Greek authorities have charged an asylum-seeker after his six-year-old son drowned when the boat they were using to cross from Turkey capsized.
The Afghan man is accused of having endangered his son's life - reportedly the first such case in the country.
The dinghy sank off Samos Island on 8 November. The man made it to shore and sought help, but his son's lifeless body was found the next morning.
Thousands of migrants have arrived in Greece from Turkey so far this year.
More than 1,400 have landed on Samos island alone, the UN says.
The 25-year-old Afghan father could face a six-year prison sentence if found guilty of putting his son's life at risk.
His lawyer told the BBC that although a distress call went out to the coastguard at midnight, they only sent a vehicle to look for the body six hours later.
The lawyer argues that police should investigate that delay - not the actions of the father, who went into the town to seek help after making it to land.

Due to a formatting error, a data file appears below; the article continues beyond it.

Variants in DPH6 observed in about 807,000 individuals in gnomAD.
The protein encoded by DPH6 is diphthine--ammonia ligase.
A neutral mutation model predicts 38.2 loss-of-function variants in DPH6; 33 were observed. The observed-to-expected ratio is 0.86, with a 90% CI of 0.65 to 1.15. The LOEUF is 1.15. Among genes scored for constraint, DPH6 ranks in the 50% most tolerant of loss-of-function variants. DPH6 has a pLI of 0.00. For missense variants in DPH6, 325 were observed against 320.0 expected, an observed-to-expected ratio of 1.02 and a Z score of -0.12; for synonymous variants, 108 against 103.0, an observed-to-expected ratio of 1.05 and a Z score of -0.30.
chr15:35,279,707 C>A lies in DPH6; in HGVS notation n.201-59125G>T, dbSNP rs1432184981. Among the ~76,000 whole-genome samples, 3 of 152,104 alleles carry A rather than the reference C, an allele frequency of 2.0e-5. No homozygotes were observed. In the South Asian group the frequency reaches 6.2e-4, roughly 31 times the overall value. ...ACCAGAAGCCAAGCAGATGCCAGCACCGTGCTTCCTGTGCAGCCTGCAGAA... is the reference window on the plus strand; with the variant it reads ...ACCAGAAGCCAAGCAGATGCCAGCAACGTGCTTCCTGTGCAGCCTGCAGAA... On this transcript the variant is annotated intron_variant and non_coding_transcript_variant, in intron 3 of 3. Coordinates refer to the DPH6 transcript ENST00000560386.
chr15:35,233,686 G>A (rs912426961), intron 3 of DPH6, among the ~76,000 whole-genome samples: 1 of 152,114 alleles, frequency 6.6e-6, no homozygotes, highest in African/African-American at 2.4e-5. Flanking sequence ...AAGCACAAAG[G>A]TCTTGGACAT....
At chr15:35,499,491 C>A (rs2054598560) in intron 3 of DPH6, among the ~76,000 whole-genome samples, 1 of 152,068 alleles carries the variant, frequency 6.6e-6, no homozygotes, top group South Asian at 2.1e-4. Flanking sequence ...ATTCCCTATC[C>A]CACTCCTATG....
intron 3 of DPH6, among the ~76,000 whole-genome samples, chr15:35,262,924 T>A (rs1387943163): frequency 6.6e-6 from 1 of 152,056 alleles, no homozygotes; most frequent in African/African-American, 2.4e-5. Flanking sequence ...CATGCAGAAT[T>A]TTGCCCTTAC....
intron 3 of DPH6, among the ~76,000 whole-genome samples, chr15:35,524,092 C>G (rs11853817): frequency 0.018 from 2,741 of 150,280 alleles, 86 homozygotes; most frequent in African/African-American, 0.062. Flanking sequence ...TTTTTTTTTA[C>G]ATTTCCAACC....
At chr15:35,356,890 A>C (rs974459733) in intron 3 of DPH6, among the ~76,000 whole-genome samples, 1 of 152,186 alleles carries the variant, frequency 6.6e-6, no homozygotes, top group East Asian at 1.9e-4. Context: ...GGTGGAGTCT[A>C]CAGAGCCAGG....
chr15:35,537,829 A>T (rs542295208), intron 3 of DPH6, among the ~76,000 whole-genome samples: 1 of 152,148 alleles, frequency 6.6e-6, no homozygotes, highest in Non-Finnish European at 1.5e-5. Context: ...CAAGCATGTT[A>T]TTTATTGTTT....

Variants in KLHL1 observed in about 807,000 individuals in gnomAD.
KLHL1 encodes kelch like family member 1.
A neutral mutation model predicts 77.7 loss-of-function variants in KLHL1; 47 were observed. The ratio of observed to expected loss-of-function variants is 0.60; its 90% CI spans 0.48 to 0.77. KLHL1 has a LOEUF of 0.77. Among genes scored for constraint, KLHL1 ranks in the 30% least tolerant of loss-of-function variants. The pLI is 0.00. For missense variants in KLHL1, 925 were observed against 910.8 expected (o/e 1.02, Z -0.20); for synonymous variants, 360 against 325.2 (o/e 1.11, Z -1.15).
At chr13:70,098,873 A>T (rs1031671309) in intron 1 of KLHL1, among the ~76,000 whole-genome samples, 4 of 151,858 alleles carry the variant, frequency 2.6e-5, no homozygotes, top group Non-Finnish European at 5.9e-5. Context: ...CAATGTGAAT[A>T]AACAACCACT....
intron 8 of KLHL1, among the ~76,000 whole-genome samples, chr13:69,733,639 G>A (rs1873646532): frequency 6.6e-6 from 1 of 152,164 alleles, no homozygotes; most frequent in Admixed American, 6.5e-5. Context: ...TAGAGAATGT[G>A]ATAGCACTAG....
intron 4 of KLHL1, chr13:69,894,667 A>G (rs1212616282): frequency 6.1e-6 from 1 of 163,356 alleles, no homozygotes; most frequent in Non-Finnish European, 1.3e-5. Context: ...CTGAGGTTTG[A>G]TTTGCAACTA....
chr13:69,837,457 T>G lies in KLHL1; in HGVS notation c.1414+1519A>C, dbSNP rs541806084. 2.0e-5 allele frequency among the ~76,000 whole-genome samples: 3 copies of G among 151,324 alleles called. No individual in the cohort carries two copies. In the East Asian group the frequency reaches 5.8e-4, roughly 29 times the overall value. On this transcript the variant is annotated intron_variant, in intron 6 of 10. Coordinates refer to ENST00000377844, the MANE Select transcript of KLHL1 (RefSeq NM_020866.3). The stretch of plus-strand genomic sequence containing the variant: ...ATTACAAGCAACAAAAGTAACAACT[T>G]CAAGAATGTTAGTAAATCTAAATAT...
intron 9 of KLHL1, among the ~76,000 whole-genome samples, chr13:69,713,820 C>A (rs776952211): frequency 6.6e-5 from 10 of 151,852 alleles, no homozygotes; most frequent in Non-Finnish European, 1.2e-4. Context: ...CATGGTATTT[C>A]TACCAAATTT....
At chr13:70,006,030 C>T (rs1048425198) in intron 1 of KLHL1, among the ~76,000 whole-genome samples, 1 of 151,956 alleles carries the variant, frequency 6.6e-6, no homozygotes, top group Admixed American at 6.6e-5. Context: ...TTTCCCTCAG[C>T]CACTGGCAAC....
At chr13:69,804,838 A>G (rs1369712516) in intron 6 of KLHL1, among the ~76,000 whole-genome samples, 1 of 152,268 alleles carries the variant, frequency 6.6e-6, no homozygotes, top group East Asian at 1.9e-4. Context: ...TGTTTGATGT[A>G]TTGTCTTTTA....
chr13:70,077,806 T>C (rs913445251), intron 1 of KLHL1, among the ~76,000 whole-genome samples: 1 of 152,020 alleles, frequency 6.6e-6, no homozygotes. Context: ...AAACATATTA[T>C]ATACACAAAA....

A coastguard spokesman said the initial search did not find the vessel - and that darkness had hindered their work.
What's the background?
In 2015, hundreds of thousands of migrants - mainly fleeing conflict in Afghanistan and Syria - tried to reach Europe via Turkey. Hundreds downed in attempted crossings to Greek islands.
A year later, Turkey agreed to stop allowing migrants to reach the EU, in return for funds from the bloc to help it manage the huge numbers of refugees it hosts.
But since then, tensions between the EU and Turkey have flared on various issues. Although the EU promised more aid, Turkey was unimpressed and earlier this year briefly opened its borders with Greece.
A new surge in arrivals exacerbated tensions on Aegean islands, where asylum seekers have been living in overcrowded camps and many residents resent their presence.
In September more than 12,000 people were left homeless by a fire that destroyed a camp on Lesbos island. Four Afghan migrants have been charged with starting it.
The government is determined not to allow the country to be seen as a gateway to Europe and is actively deterring new arrivals.